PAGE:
Goodale Bill To Put Farmers In Control At CWB

“Charlie Mayer and Bill Knight, …they didn’t much like the Canadian Wheat Board, but they didn’t attempt to shoot it in the head in the middle of the night.”

– RALPH GOODALE

Liberal MP Ralph Goodale is trying once more to turn control of the Canadian Wheat Board over to farmers.

The architect of the 1998 amendments to the CWB Act has introduced a private member’s bill to clarify and strengthen the intent of those changes.

Those reforms, which changed the board to a “shared governance” agency with farmers electing 10 out of 15 board of directors, have been eroded by recent court rulings that found the federal government is within its legal authority to impose its will.

Goodale said Bill C-548 would:

Increase the influence of western farmers in selecting independent, outside directors to serve on the CWB’s board of directors and reduce the role of the federal government;

Limit the government’s authority to give orders to the CWB to cases where the government’s financial guarantees or Canada’s international trade obligations might be affected;

Strengthen the rules for a fully democratic vote among grain producers before any legislation could be introduced to change the CWB’s single-desk marketing system; and

Require the federal government to conduct itself in a more consultative and collaborative manner in dealing with the CWB.

Private members’ bills are usually a low priority in Parliament and few become law. However, it’s different in a minority House of Commons.

“I think if we can get it to a vote we will win the vote,” Goodale said.

The bill appears to include what the CWB’s board of directors has been asking for, said chair and Forestberg, Alta. farmer Allen Oberg.

“Obviously this will need to go to our directors in July and then we’ll have a really close look at it,” Oberg said.

Agriculture Minister Gerry Ritz said in a statement it’s good Goodale recognizes his 1998 legislation is flawed.

“It’s unfortunate that the Liberals still won’t admit that their legislation’s biggest flaw is that it continues to shackle western farmers to the unfair monopoly,” Ritz said.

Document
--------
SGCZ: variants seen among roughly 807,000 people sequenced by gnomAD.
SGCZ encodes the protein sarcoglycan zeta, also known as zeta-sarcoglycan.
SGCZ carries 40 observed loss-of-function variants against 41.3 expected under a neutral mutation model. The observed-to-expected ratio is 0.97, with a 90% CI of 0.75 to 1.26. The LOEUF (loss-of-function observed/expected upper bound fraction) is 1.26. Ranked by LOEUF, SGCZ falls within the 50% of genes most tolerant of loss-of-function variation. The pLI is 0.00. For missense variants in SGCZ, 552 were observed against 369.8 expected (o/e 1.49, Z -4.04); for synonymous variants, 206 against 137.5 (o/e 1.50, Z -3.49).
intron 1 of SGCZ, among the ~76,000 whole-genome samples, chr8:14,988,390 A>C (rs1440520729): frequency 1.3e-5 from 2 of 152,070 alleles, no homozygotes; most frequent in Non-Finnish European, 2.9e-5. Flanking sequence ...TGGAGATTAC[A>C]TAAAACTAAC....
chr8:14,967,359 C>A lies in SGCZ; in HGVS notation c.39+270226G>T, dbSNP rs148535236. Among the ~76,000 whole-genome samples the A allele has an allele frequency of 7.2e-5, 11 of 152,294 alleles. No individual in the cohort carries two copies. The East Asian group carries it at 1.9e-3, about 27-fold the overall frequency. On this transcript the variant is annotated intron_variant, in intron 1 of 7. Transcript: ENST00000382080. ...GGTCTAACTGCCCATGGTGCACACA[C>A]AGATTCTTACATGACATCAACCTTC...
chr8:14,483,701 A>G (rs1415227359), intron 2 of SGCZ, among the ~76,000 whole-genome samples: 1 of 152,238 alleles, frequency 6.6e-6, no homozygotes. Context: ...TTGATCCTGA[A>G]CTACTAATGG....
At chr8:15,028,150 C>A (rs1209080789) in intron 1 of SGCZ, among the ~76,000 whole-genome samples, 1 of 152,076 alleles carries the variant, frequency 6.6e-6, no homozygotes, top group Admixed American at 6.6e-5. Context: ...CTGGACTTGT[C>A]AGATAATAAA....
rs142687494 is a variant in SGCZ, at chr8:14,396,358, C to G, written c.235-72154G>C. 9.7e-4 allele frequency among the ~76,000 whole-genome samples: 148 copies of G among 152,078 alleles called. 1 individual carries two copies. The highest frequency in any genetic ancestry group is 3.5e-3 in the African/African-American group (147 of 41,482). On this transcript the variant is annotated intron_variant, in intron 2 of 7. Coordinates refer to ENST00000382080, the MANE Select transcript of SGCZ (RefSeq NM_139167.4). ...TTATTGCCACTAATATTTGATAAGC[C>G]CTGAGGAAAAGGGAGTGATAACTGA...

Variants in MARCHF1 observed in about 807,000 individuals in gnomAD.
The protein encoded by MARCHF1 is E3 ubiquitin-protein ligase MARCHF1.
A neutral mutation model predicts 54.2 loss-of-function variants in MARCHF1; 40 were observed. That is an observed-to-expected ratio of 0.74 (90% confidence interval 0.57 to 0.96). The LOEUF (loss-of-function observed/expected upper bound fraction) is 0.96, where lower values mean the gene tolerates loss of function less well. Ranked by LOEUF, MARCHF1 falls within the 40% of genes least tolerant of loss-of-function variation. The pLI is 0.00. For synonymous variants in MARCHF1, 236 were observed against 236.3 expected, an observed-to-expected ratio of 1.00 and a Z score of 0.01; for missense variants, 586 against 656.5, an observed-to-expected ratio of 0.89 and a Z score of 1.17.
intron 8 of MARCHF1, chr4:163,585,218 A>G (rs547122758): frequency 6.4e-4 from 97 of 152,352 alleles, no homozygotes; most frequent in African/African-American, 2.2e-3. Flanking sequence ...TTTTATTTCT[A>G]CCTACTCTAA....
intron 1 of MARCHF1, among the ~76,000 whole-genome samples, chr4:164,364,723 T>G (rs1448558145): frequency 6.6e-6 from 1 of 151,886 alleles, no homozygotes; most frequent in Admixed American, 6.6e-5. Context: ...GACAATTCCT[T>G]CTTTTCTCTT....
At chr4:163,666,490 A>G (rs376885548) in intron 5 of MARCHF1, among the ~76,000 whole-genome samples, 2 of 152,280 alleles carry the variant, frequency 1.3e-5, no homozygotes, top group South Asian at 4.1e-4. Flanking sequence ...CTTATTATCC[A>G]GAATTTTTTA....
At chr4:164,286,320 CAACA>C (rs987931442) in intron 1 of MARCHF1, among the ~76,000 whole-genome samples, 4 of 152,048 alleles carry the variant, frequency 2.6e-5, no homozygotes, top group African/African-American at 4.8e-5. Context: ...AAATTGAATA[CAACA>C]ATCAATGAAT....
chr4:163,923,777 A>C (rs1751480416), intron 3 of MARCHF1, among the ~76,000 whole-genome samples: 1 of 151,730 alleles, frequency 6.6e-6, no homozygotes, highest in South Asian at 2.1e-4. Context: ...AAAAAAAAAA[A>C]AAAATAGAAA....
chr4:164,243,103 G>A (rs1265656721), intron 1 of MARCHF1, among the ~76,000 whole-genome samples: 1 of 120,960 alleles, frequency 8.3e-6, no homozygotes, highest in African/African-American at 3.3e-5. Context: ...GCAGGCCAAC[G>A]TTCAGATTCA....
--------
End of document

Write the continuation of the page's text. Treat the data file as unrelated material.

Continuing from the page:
“If the Liberals care about democracy they’ll help us pass legislation to make sure real farmers are the ones voting in directors’ elections. That change has to come before any other changes are discussed.”

If farmers vote to end the monopoly in favour of an open market, based on a clearly worded plebiscite and fair election, Goodale said he would accept it.

To facilitate a fair vote Goodale’s bill includes the question’s wording based on what was recommended by a number of general farm organizations, including the Keystone Agricultural Producers.

Farmers would select one of two options:

Option 1 – All domestic and export sales of _____ should be removed entirely from the single-desk marketing system of the Canadian Wheat Board and placed on the open market.

Option 2 – The Canadian Wheat Board should remain the single-desk seller of all ____, with the continuing exception of feed grain sold domestically.

Goodale rejects the government’s position that farmers can have the CWB and an open market. “Our point is just be honest about that. It’s either the single desk or it’s the open market – make your choice.”

Currently the government appoints the CWB’s president-chief executive officer and four directors. Under Goodale’s bill the government will still appoint the CEO, but just two other directors; the CWB’s 10 farmer-elected directors would appoint the other two.

The purpose of the outside directors is to get additional expertise, Goodale said.

“This government, unfortunately, has… tried to nullify producer control by appointing directors who hold clearly hostile views to those who are elected…”

According to Goodale, the government’s ongoing efforts to undermine the CWB demonstrate it doesn’t believe farmers, in a fair plebiscite, will vote to give up the single desk. He described the government’s actions from firing its CEO, to openly interfering in CWB elections, as “shocking and illegitimate.”

“You think back to the years with (Progressive Conservative agriculture ministers) Charlie Mayer and Bill Knight, they didn’t much like the Canadian Wheat Board, but they didn’t attempt to shoot it in the head in the middle of the night,” Goodale said. [email protected]

About the author

Reporter

Allan Dawson

Allan Dawson is a reporter with the Manitoba Co-operator based near Miami, Man. Covering agriculture since 1980, Dawson has spent most of his career with the Co-operator except for several years with Farmers’ Independent Weekly and before that a Morden-Winkler area radio station.

Comments

explore

Stories from our other publications